Sean Spicer was asked to condemn Islamophobia. He spoke about terrorism instead

Sean Spicer was asked to condemn Islamophobia. He spoke about terrorism instead

Being Donald Trump’s press secretary is a difficult task, especially given the US president’s expressed acrimony towards the media.

Sean Spicer had a rocky start to his career: twice he tweeted a set of numbers and letters that many speculated was a password of some sort.

Rumours of incompetence continue to shadow his press conferences: on a number of occasions Spicer defended the president’s immigration ban by referencing a fictional terror attack.

At the White House press conference on Tuesday, he attacked the Anne Frank Centre for calling the president a 'band-aid on the cancer of Anti-Semitism'.

At the same conference, a journalist asked him about anti-Muslim sentiment within the administration.

Has the president been forceful about that particular issue?

Spicer’s response was willfully missing something crucial. Can you spot what it was?

I think that the president in terms of his desire to combat radical Islamic terrorism...He understands that people want to express their peaceful position and have every right in our constitution but if you come here and want to express views that seek to do our country or our people harm he’s going to fight it aggressively whether it’s domestic acts that are going on here or attempts through people abroad to come into this country so there’s a big difference between preventing attacks and making sure that we keep this country safe so that there is no loss of life and allowing people to express themselves in accordance with the first amendment.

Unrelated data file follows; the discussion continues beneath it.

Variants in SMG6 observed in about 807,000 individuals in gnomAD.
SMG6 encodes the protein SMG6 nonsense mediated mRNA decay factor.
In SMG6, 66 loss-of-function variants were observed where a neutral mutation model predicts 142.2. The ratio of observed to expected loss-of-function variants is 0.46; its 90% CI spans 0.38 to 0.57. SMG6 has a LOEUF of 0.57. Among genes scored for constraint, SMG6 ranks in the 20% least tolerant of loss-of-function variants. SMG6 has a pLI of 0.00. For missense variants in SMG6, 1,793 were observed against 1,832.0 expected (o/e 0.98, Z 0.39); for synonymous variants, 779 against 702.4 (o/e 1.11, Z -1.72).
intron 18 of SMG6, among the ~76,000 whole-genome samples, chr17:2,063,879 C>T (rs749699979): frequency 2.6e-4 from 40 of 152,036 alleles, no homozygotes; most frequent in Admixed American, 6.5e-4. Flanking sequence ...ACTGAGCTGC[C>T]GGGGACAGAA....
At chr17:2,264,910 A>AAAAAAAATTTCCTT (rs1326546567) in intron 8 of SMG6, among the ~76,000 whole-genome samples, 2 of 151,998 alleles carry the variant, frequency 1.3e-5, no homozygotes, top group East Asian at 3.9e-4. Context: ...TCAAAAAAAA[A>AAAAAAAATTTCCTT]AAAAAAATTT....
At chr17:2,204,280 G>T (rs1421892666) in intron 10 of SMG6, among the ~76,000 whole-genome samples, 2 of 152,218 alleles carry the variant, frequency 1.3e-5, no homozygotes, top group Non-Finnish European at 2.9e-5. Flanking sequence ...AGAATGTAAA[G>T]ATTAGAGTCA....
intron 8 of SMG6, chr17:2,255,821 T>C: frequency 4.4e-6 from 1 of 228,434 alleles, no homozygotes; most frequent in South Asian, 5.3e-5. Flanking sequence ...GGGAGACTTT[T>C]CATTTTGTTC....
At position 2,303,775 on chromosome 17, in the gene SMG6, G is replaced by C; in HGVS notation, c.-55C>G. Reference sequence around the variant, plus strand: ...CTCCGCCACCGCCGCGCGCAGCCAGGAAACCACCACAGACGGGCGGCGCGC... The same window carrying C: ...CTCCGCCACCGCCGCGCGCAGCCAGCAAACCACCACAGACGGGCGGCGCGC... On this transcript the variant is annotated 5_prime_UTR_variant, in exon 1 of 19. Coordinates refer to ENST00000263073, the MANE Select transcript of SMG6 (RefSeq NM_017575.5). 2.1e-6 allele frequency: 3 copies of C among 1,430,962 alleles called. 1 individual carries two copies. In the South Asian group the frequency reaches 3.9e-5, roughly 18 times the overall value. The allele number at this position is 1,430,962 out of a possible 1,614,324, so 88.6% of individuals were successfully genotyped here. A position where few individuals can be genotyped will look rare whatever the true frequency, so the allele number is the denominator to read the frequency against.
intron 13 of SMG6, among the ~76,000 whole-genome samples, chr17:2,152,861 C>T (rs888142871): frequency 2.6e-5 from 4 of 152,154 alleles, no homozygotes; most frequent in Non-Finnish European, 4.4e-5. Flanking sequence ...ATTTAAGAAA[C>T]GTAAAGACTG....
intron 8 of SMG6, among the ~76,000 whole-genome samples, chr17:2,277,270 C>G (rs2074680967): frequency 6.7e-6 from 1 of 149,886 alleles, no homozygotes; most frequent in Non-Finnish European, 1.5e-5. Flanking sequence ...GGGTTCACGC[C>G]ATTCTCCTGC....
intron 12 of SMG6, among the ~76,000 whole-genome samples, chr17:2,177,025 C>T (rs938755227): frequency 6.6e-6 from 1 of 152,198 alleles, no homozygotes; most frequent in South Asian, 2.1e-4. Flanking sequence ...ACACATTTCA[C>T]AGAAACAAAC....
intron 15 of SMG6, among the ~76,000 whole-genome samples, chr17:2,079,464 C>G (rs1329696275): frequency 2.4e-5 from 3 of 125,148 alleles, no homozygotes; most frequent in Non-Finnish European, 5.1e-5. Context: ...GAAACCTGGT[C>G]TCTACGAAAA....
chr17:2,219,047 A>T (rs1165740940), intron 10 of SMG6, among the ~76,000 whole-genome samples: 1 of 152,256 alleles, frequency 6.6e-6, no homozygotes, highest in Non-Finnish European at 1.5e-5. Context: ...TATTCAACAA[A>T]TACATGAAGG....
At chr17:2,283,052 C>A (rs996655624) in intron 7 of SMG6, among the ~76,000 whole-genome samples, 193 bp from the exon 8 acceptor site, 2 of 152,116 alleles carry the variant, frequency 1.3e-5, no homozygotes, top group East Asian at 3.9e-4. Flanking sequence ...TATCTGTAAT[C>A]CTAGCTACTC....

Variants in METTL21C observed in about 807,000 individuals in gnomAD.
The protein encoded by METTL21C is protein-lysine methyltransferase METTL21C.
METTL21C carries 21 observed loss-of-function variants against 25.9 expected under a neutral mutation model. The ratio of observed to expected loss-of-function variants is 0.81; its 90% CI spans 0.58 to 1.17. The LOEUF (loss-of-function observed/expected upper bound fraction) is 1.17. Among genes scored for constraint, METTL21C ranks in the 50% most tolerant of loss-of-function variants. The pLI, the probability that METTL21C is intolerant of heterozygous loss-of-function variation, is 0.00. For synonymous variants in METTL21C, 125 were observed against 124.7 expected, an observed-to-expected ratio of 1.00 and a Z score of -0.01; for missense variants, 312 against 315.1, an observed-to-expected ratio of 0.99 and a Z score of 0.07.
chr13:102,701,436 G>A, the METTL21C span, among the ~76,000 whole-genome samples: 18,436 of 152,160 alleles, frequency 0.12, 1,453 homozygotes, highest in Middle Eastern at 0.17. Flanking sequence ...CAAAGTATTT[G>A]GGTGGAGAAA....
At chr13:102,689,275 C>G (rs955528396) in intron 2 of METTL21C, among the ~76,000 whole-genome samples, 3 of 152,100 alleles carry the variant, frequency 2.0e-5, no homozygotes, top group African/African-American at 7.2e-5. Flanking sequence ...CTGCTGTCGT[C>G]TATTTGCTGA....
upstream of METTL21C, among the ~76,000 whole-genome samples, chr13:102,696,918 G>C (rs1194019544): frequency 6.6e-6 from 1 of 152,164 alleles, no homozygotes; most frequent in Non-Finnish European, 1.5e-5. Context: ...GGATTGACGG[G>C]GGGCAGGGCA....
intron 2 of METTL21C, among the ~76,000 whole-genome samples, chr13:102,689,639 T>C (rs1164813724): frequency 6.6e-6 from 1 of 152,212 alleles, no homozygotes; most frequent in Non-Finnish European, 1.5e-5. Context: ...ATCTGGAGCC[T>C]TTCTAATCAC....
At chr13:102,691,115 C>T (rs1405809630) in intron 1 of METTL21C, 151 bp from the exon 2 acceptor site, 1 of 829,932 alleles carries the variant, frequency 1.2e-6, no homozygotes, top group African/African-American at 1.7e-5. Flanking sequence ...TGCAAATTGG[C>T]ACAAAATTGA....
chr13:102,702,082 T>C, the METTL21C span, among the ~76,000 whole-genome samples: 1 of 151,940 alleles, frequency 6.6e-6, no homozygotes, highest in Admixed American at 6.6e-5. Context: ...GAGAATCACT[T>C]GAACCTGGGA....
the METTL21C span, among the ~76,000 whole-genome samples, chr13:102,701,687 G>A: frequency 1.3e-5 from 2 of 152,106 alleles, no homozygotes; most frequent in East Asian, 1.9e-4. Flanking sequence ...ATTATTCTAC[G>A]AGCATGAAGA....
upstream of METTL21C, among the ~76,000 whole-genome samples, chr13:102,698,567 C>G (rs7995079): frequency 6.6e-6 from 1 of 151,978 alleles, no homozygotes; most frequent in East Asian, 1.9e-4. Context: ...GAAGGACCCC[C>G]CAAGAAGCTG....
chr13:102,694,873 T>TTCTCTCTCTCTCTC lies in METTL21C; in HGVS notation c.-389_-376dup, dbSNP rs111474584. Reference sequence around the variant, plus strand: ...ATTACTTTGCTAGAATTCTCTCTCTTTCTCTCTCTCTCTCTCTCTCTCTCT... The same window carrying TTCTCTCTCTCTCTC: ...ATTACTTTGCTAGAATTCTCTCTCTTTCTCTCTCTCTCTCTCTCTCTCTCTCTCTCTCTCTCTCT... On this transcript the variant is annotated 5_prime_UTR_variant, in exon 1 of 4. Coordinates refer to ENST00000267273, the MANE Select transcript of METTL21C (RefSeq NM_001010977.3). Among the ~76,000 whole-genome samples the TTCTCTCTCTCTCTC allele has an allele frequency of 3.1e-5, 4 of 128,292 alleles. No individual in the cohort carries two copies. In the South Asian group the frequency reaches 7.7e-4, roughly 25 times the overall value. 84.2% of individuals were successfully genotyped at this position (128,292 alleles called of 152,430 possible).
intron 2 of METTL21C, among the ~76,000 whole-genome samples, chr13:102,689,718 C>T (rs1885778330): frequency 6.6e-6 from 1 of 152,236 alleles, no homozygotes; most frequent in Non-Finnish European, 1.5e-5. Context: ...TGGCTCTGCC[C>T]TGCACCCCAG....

Those are two very very different…different things.

That’s right: he didn’t actually condemn Islamophobia. Not even a little.

The number of anti-Muslim hate groups has almost tripled in 2016, and it has been partially attributed to Donald Trump’s presidency, according to a report by the Southern Poverty Law Centre.

His silence on the matter did not go unnoticed.

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